Jacques Torres Factory
Master chocolatier Jacques Torres will debut a Wonka-worthy chocolate factory at Sunset Park’s Brooklyn Army Terminal. The 39,500-square-foot space will consolidate manufacturing from his Dumbo and Soho locations, equipped with a five-ton melter, a chocolate-powdering room, a 70-foot-long packaging tunnel and an ice cream room peddling frosty sandwiches made with Torres’s famous chocolate-chip cookies. 140 58th St at First Ave, Sunset Park, Brooklyn (mrchocolate.com). Late September.
Tao’s Pan-Asian hits will arrive in the Meatpacking District this September, when the clubby bistro takes over the sprawling space that once housed Matsuri and Hiro Ballroom. 92 Ninth Ave between 16th and 17th Sts (212-888-2724). Late September.
Branching off its popular ramen-ya, the Totto team will debut a second, larger location, not far from the 52nd Street original, outfitted with an open kitchen and oak tables. Along with menu staples (chicken-broth ramen, a kombu-shiitake number), the 30-seat Japanese haunt will have a heightened seafood focus—noodles tangled around blue crabmeat and plump shrimp in briny broth. Dumplings and buns will also be on offer at the ramen counter, fit to pair with a selection of beer, wine and sake. 464 W 51st St between Ninth and Tenth Ave (no phone yet). Late September.
Whitman & Bloom Liquor Company
With his former watering hole Bruckner Bar & Grill destroyed by Hurricane Sandy, Alex Abeles embarks on a new project with the owners of Cask Bar & Kitchen. Bearing a name that references Ulysses, the lit-themed bar will display bookstore antiques. The drinks program will highlight local wines, along with tweaked classic cocktails by Darryl Robinson. 384 Third Ave between 27th and 28th Sts (212-725-4110). Late September.
Counter Culture Coffee Training Center
Coffee lovers can boost their java knowledge at this Nolita spot, the Durham, North Carolina roaster’s second New York City location. In addition to classes, the center will host cuppings and food pairings by guest chefs. 376 Broome St between Mott and Mulberry Sts (counterculturecoffee.com). Early October.
Spencer Rubin’s growing grilled-cheese chain will open its third location, in Midtown West. Fromage fans can expect gooey staples including a three-cheese melt (Gruyère, Havarti and goat cheese) with oven-roasted tomatoes; a pepperjack-Muenster variety with pickled jalapeños; and an aged-cheddar sammie topped with maple-glazed bacon. A trio of tots (original, cheesy and sweet potato), New York–style deli pickles and hand-spun milk shakes (black and white, coffee) are also on the menu. 135 W 50th St between Sixth and Seventh Aves (212-265-6358, meltshop.com). Early October.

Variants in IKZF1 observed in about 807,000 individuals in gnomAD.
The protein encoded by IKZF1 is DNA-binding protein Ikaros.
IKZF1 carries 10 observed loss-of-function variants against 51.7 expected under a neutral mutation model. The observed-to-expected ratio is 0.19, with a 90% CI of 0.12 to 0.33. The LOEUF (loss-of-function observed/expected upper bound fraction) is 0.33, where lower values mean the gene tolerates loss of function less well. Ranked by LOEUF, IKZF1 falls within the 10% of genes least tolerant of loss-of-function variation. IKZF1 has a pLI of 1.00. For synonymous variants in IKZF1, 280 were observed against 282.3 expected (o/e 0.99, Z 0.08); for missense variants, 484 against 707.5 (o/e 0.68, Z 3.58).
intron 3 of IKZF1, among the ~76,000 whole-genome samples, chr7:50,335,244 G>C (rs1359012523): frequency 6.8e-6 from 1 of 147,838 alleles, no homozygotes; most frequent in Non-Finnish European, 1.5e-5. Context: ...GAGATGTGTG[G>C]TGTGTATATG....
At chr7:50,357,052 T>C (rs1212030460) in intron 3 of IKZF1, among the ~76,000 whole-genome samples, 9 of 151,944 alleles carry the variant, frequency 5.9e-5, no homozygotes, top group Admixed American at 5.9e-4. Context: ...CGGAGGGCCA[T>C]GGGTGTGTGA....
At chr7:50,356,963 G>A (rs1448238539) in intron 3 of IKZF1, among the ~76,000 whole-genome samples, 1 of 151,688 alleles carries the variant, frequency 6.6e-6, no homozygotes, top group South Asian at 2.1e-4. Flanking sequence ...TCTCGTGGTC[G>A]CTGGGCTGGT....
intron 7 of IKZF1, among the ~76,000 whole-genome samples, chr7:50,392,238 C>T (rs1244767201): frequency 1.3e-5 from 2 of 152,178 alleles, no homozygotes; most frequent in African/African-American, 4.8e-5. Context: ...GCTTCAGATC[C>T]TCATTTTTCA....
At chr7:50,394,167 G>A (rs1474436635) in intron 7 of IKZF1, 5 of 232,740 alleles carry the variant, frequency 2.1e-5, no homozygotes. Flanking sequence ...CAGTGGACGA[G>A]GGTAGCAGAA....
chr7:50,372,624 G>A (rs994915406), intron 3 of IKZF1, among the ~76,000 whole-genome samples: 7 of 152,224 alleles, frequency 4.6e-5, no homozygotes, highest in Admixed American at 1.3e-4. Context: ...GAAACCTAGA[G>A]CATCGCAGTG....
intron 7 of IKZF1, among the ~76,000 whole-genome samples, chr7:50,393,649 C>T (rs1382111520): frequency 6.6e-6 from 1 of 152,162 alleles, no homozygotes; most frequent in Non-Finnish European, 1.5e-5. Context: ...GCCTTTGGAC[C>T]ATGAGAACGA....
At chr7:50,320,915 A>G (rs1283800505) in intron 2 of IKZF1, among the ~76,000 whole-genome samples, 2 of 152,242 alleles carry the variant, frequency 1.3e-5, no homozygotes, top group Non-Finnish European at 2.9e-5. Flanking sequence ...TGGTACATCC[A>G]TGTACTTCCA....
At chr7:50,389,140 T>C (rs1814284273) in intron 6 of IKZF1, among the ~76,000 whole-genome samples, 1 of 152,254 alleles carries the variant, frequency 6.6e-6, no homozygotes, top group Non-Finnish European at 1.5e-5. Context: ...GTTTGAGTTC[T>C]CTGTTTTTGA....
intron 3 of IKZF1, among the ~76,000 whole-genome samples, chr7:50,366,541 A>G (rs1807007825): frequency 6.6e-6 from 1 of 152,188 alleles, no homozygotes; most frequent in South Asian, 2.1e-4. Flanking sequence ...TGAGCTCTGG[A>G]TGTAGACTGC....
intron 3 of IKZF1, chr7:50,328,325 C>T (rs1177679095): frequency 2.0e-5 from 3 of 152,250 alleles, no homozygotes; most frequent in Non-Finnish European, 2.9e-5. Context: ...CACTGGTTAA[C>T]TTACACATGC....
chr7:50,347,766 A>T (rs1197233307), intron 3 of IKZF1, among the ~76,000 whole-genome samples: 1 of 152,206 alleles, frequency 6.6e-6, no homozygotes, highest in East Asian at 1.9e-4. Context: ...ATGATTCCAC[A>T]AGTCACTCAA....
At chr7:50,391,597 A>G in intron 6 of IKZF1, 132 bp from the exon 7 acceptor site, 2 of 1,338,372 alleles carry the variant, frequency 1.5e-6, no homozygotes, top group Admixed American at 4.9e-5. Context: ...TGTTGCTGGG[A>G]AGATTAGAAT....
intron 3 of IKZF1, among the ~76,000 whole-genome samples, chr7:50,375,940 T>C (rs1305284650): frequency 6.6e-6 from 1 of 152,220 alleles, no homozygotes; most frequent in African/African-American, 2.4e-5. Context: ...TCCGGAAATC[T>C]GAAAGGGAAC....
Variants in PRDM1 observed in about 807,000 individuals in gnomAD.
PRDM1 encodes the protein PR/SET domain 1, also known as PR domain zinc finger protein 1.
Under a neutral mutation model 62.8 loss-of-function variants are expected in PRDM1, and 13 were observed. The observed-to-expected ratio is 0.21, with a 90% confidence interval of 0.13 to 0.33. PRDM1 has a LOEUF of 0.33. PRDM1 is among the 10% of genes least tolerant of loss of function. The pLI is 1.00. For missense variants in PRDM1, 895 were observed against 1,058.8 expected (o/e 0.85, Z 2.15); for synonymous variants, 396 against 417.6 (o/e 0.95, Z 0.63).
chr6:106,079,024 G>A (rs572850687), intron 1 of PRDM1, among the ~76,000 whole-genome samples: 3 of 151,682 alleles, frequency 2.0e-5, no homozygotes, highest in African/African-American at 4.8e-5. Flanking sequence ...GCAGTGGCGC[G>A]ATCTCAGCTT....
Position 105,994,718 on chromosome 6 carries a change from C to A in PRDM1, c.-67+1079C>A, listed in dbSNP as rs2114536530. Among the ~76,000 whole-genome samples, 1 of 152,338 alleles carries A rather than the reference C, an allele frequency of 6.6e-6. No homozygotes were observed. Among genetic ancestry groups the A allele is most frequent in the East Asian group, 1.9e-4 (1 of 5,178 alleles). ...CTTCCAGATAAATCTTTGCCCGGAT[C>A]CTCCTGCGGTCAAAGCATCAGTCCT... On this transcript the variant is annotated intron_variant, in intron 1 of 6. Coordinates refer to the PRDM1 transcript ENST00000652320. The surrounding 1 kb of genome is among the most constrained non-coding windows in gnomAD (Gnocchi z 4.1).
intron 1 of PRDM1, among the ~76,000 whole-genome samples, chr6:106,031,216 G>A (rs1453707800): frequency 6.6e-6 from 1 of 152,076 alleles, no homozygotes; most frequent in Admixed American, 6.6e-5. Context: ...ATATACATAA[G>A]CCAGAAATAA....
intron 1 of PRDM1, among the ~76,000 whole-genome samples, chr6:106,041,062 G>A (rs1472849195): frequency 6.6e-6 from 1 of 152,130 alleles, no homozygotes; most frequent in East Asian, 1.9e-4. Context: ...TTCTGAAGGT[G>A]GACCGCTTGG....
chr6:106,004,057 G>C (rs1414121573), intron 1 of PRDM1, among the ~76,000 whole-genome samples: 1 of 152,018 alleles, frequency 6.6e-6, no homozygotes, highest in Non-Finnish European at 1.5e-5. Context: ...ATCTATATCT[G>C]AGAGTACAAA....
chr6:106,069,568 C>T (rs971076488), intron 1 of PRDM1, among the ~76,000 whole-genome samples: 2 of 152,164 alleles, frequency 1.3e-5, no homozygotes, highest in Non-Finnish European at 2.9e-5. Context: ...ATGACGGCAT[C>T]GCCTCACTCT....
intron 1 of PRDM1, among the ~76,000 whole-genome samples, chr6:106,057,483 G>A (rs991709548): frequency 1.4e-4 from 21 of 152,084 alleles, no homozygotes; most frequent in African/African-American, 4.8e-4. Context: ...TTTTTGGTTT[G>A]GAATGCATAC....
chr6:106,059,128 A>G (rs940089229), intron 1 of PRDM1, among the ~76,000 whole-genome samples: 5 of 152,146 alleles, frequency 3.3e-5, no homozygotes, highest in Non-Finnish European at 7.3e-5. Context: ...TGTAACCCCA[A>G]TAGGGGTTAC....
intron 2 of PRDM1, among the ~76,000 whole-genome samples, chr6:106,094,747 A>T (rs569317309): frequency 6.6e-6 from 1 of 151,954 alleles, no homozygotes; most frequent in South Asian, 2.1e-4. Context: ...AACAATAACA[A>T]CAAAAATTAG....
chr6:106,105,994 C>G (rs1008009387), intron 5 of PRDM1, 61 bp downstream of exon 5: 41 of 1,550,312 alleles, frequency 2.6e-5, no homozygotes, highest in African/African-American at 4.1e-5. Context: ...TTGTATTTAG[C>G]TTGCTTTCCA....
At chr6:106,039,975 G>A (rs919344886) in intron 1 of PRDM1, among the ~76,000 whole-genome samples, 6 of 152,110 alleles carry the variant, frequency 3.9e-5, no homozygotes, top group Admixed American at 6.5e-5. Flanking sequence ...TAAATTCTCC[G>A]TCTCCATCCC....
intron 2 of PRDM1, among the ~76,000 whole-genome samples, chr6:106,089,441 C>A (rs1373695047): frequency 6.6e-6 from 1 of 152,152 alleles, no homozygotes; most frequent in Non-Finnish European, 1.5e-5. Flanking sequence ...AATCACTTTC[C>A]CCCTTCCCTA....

Pinot’s Palette—Ellis Street
Grab a wineglass and summon your inner Picasso at the Staten Island outpost of this paint-and-drink chain. Instructors lead a step-by-step art lesson, ensuring everyone takes home a masterpiece. A wine and beer bar loosens creative juices, and guests can bring food to nibble on throughout the night. 20 Ellis St at Arthur Kill Rd, Staten Island (pinotspalette.com/EllisStreet). Early October.
This beloved Boerum Hill eatery will join the Modern and M. Wells Dinette in the growing ranks of not-your-average museum restaurants. Saul Bolton will reprise his seasonal New American favorites, including the restaurant’s signature baked Alaska, as he creates a menu for the Brooklyn Museum’s café. 200 Eastern Pkwy at Prospect Park, Prospect Heights, Brooklyn (saulrestaurant.com). Early October.
Simit + Smith
Simits (Turkish bagels) will arrive in the Financial District with the fourth location of this café. Grab a doughy simit—dipped in molasses and rolled in sesame—or focaccia-like pogaça stuffed with kasseri-olive or feta-parsley. Turkish drinks, including coffee and ayran (a yogurt drink) are also on offer. 100 William St between John and Platt Sts (simitandsmith.com). Early October.
Having started with a Vendy Award–winning cart, the street-burrito purveyors add a fourth location to their minichain. Joining Red Hook, Greenpoint and the Lower East Side, the Park Slope outpost will have 60 seats, as well as a similar teal-and-tin decor and menu as its siblings: soft corn tacos filled with beer-battered Baja fish, carne asada rolled quesadillas, huitlacoche-topped grits and Sloppy Jose sandwiches piled with ancho-cumin ground beef and fried green tomatillos. Expect to find Pacifico beer and margaritas at the bar. 278 Fifth Ave between Garfield Pl and 1st St, Park Slope, Brooklyn (calexico.net). Mid-October.
Empire Steak House
The steak boosters behind Ben & Jack’s Steakhouse open a second location of their popular Rockefeller Center meat-and-seafood emporium. 237 W 54th St between Broadway and Eighth Ave (empiresteakhousenyc.com). Mid-October.
Grand Central Oyster Bar Brooklyn
The Manhattan stalwart debuts in Brooklyn, complete with its iconic archway entrance. Encompassing the ground floors of three buildings, the expansive spot will serve hits like oyster stew and pan-roasted lobster, along with 16 varieties of the star bivalve. Seafood pastas will join the classics. 254–256 Fifth Ave between Carroll St and Garfield Pl, Park Slope, Brooklyn (oysterbarbrooklyn.com). Mid-October.
Michele Iuliano (Luzzo’s, Ovest Pizzoteca) brings his Neapolitan-style pizza to Cobble Hill. This fall, the third-generation baker will also partner with TONY to produce La Sagra Sunday Slices, Gotham’s first pizza festival. 145 Atlantic Ave between Clinton and Henry Sts, Cobble Hill, Brooklyn (718-855-6400, luzzosbk.com). Mid-October.